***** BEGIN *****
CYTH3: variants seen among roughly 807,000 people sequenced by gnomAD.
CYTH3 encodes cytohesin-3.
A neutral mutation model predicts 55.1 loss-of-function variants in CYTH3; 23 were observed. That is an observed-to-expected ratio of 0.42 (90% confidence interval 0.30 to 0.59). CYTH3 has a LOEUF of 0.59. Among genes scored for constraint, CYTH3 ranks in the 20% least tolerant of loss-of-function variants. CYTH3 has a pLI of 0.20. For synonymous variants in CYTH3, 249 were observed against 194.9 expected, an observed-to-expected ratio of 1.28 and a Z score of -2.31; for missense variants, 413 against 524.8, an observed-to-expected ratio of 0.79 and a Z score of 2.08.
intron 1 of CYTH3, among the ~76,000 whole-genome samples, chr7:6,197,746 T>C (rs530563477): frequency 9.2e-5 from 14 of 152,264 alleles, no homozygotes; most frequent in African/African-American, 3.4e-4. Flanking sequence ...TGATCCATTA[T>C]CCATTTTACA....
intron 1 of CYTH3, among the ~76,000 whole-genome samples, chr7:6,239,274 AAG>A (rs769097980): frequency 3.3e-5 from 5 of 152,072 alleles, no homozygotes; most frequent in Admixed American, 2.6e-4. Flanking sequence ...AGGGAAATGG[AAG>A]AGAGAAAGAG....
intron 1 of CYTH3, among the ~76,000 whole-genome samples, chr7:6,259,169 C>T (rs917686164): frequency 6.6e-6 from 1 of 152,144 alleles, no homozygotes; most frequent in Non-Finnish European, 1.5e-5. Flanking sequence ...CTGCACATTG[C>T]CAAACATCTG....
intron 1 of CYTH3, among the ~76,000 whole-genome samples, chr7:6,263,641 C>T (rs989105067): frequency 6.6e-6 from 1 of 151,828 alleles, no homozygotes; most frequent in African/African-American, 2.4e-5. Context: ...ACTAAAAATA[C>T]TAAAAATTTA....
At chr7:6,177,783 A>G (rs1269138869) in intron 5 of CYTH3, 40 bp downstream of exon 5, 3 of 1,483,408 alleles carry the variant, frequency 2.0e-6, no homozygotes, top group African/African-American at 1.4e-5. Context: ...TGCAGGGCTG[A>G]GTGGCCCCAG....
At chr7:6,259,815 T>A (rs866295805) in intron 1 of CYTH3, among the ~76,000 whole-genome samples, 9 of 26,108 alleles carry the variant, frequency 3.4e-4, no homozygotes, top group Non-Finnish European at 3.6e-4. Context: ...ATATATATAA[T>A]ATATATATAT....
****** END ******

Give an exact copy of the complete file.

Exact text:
CYTH3: variants seen among roughly 807,000 people sequenced by gnomAD.
CYTH3 encodes cytohesin-3.
A neutral mutation model predicts 55.1 loss-of-function variants in CYTH3; 23 were observed. That is an observed-to-expected ratio of 0.42 (90% confidence interval 0.30 to 0.59). CYTH3 has a LOEUF of 0.59. Among genes scored for constraint, CYTH3 ranks in the 20% least tolerant of loss-of-function variants. CYTH3 has a pLI of 0.20. For synonymous variants in CYTH3, 249 were observed against 194.9 expected, an observed-to-expected ratio of 1.28 and a Z score of -2.31; for missense variants, 413 against 524.8, an observed-to-expected ratio of 0.79 and a Z score of 2.08.
intron 1 of CYTH3, among the ~76,000 whole-genome samples, chr7:6,197,746 T>C (rs530563477): frequency 9.2e-5 from 14 of 152,264 alleles, no homozygotes; most frequent in African/African-American, 3.4e-4. Flanking sequence ...TGATCCATTA[T>C]CCATTTTACA....
intron 1 of CYTH3, among the ~76,000 whole-genome samples, chr7:6,239,274 AAG>A (rs769097980): frequency 3.3e-5 from 5 of 152,072 alleles, no homozygotes; most frequent in Admixed American, 2.6e-4. Flanking sequence ...AGGGAAATGG[AAG>A]AGAGAAAGAG....
intron 1 of CYTH3, among the ~76,000 whole-genome samples, chr7:6,259,169 C>T (rs917686164): frequency 6.6e-6 from 1 of 152,144 alleles, no homozygotes; most frequent in Non-Finnish European, 1.5e-5. Flanking sequence ...CTGCACATTG[C>T]CAAACATCTG....
intron 1 of CYTH3, among the ~76,000 whole-genome samples, chr7:6,263,641 C>T (rs989105067): frequency 6.6e-6 from 1 of 151,828 alleles, no homozygotes; most frequent in African/African-American, 2.4e-5. Context: ...ACTAAAAATA[C>T]TAAAAATTTA....
At chr7:6,177,783 A>G (rs1269138869) in intron 5 of CYTH3, 40 bp downstream of exon 5, 3 of 1,483,408 alleles carry the variant, frequency 2.0e-6, no homozygotes, top group African/African-American at 1.4e-5. Context: ...TGCAGGGCTG[A>G]GTGGCCCCAG....
At chr7:6,259,815 T>A (rs866295805) in intron 1 of CYTH3, among the ~76,000 whole-genome samples, 9 of 26,108 alleles carry the variant, frequency 3.4e-4, no homozygotes, top group Non-Finnish European at 3.6e-4. Context: ...ATATATATAA[T>A]ATATATATAT....